A NEW partnership has been formed to help people stay safe and warm this winter.
The North of Tyne Winter Warmth Partnership (NTWWP) aims to reduce the number of deaths of vulnerable residents due to cold following a worrying 26 per cent increase in winter deaths in the region last year.
The North East increase was the largest of any region and went against the trend of an overall drop in deaths across England and Wales.
Now councils in Northumberland, North Tyneside and Newcastle have secured £185,000 from the Government’s Warm Homes, Healthy People fund to tackle the problem.
The partnership will target help towards the most vulnerable, providing a helpline and text alert service and making sure information and advice is easily accessible.
There will also be practical help, such as free insulation, draught proofing and benefit advice.
Northumberland County Council Executive Member for Planning, Housing and Regeneration Tom Brechany said: “This new partnership is about preventing our most vulnerable people from becoming ill or experiencing reductions in wellbeing as a result of cold living conditions.
“Our message is a clear one – that cold homes can lead to ill health and in some cases death.
“We are aware that in these economic times and with rising fuel prices it can be difficult to make sure homes are warm, but there is help available to draught proof and insulate to keep costs down.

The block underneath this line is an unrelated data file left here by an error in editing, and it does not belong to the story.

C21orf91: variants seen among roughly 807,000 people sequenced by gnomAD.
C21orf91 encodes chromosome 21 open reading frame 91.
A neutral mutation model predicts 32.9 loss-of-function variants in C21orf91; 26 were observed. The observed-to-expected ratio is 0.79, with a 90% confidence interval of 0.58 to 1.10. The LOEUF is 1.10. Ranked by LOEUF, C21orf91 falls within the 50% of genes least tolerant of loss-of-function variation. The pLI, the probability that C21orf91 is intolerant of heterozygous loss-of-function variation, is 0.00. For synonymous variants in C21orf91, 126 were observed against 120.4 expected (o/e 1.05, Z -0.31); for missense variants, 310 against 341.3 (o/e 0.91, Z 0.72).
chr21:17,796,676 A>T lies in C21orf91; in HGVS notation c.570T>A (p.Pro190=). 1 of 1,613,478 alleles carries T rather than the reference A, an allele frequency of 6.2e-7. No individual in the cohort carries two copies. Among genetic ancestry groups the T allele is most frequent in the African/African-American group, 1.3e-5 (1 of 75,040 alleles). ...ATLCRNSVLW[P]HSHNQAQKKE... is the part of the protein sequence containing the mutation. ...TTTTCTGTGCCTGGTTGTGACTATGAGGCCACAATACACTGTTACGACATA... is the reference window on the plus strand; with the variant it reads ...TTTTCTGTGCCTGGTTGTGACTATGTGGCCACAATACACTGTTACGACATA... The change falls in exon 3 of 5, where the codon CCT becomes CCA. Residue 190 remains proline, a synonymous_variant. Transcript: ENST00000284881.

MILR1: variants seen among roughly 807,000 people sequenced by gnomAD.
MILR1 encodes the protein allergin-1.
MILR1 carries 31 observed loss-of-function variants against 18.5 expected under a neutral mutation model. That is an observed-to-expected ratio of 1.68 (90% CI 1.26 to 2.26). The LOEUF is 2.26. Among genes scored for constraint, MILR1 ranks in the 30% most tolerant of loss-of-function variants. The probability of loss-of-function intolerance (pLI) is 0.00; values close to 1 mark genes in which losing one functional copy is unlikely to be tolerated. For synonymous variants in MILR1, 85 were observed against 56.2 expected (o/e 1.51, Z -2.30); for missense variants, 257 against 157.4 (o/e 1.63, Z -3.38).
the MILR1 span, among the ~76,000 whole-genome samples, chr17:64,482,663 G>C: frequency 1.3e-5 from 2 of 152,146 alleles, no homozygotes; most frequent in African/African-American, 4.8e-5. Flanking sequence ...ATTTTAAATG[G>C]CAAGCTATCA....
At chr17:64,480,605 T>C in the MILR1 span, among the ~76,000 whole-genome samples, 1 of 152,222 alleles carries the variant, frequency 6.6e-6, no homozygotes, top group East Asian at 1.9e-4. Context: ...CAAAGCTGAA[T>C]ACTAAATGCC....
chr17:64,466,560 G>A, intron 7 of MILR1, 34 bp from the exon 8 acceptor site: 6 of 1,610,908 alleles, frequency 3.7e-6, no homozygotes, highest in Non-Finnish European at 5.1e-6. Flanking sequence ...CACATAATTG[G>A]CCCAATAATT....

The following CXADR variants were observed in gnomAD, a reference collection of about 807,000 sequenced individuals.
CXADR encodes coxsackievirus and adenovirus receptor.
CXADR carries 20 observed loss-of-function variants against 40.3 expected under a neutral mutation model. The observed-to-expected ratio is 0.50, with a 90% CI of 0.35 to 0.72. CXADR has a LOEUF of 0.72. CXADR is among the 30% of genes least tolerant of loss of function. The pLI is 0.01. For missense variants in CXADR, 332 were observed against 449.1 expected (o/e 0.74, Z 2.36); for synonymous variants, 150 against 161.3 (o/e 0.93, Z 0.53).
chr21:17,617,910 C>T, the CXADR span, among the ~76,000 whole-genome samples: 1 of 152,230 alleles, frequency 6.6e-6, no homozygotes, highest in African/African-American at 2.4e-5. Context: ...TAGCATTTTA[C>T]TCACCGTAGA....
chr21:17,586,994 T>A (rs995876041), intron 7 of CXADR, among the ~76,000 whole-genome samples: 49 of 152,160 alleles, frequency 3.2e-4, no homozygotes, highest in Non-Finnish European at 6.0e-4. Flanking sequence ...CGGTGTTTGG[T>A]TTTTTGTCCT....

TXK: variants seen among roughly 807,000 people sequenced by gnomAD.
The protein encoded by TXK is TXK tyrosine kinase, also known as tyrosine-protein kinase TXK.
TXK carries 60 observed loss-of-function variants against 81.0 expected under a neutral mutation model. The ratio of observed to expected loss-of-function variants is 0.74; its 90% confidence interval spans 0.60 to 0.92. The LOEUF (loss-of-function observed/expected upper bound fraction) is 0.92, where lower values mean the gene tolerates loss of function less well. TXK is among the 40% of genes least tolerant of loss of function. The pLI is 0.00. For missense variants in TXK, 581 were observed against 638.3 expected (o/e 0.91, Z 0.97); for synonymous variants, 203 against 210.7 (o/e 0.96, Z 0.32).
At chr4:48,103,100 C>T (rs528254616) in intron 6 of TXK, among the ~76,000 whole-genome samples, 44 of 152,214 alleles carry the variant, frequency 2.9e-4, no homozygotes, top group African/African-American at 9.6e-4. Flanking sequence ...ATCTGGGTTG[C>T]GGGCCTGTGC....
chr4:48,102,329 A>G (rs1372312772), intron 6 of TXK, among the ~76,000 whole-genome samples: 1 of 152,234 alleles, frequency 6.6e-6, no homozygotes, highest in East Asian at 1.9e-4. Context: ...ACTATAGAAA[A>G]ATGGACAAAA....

“We will be targeting our most vulnerable households with information to ensure they are able to get advice, support and assistance to help them keep warm and well in these winter months.”
The new group will share data held by councils, health groups, Warm Zones, Age UK, home care providers and community groups to target the 30,000 most vulnerable homes, and provide training for 100 frontline staff to create Winter Warmth Champions, who will identify and support people at risk.
It will also deliver warm home checks to around 3,000 properties, secure free insulation, heating services and draught proofing, establish a dedicated helpline and text service and use community groups to circulate information.
Severe cold weather can be particularly dangerous for older or disabled people, those with serious illnesses and young children, and can increase the likelihood of heart attack or stroke.
People with existing respiratory conditions may develop complications.
Living in temperatures under 16 degrees can diminish resistance to respiratory diseases, increase blood pressure and increase the risk of cardiovascular disease, and living in temperatures of five degrees poses a high risk of hypothermia.
Tips on keeping well in the cold include closing curtains and shutting doors in the home to keep heat in, using hot water bottles or electric blankets, eating well, wrapping up warm with layers of clothing, staying indoors in cold weather if you have heart or breathing problems, and keeping active.